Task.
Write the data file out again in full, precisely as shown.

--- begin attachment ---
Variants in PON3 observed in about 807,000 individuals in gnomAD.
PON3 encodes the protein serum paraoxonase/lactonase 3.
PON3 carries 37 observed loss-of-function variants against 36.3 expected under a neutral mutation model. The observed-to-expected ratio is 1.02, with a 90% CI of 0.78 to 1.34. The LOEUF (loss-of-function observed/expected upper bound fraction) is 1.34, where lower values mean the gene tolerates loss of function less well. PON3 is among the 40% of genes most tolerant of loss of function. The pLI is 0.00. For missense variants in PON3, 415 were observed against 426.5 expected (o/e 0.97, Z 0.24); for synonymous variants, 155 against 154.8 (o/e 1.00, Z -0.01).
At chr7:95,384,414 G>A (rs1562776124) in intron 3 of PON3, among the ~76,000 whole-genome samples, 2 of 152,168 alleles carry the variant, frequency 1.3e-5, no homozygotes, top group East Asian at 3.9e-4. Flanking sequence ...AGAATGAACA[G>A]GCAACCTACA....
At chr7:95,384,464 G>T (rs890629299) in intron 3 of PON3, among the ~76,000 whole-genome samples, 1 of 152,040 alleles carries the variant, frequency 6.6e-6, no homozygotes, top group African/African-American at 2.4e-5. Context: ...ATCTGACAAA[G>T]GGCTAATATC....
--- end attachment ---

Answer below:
Variants in PON3 observed in about 807,000 individuals in gnomAD.
PON3 encodes the protein serum paraoxonase/lactonase 3.
PON3 carries 37 observed loss-of-function variants against 36.3 expected under a neutral mutation model. The observed-to-expected ratio is 1.02, with a 90% CI of 0.78 to 1.34. The LOEUF (loss-of-function observed/expected upper bound fraction) is 1.34, where lower values mean the gene tolerates loss of function less well. PON3 is among the 40% of genes most tolerant of loss of function. The pLI is 0.00. For missense variants in PON3, 415 were observed against 426.5 expected (o/e 0.97, Z 0.24); for synonymous variants, 155 against 154.8 (o/e 1.00, Z -0.01).
At chr7:95,384,414 G>A (rs1562776124) in intron 3 of PON3, among the ~76,000 whole-genome samples, 2 of 152,168 alleles carry the variant, frequency 1.3e-5, no homozygotes, top group East Asian at 3.9e-4. Flanking sequence ...AGAATGAACA[G>A]GCAACCTACA....
At chr7:95,384,464 G>T (rs890629299) in intron 3 of PON3, among the ~76,000 whole-genome samples, 1 of 152,040 alleles carries the variant, frequency 6.6e-6, no homozygotes, top group African/African-American at 2.4e-5. Context: ...ATCTGACAAA[G>T]GGCTAATATC....